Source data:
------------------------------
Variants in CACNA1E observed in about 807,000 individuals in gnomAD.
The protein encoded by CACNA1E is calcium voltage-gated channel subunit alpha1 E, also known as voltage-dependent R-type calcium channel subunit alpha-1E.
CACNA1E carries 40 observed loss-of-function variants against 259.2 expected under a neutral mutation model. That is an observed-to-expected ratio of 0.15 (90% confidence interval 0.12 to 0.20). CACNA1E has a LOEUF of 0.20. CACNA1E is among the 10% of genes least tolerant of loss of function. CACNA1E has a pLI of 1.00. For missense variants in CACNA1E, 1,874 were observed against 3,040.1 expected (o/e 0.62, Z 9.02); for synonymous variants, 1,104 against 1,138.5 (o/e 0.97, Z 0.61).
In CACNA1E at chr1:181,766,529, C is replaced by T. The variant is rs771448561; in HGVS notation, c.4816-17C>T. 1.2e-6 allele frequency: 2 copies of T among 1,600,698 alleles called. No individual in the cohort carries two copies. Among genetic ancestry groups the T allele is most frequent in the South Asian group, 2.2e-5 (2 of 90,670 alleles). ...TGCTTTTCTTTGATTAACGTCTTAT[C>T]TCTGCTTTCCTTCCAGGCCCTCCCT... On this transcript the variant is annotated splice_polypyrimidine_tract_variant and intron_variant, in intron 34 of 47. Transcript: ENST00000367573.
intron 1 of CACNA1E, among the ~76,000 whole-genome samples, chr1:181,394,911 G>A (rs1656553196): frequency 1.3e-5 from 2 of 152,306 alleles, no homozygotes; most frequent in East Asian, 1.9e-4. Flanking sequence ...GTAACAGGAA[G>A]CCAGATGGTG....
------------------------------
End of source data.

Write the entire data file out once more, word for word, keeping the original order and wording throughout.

Variants in CACNA1E observed in about 807,000 individuals in gnomAD.
The protein encoded by CACNA1E is calcium voltage-gated channel subunit alpha1 E, also known as voltage-dependent R-type calcium channel subunit alpha-1E.
CACNA1E carries 40 observed loss-of-function variants against 259.2 expected under a neutral mutation model. That is an observed-to-expected ratio of 0.15 (90% confidence interval 0.12 to 0.20). CACNA1E has a LOEUF of 0.20. CACNA1E is among the 10% of genes least tolerant of loss of function. CACNA1E has a pLI of 1.00. For missense variants in CACNA1E, 1,874 were observed against 3,040.1 expected (o/e 0.62, Z 9.02); for synonymous variants, 1,104 against 1,138.5 (o/e 0.97, Z 0.61).
In CACNA1E at chr1:181,766,529, C is replaced by T. The variant is rs771448561; in HGVS notation, c.4816-17C>T. 1.2e-6 allele frequency: 2 copies of T among 1,600,698 alleles called. No individual in the cohort carries two copies. Among genetic ancestry groups the T allele is most frequent in the South Asian group, 2.2e-5 (2 of 90,670 alleles). ...TGCTTTTCTTTGATTAACGTCTTAT[C>T]TCTGCTTTCCTTCCAGGCCCTCCCT... On this transcript the variant is annotated splice_polypyrimidine_tract_variant and intron_variant, in intron 34 of 47. Transcript: ENST00000367573.
intron 1 of CACNA1E, among the ~76,000 whole-genome samples, chr1:181,394,911 G>A (rs1656553196): frequency 1.3e-5 from 2 of 152,306 alleles, no homozygotes; most frequent in East Asian, 1.9e-4. Flanking sequence ...GTAACAGGAA[G>A]CCAGATGGTG....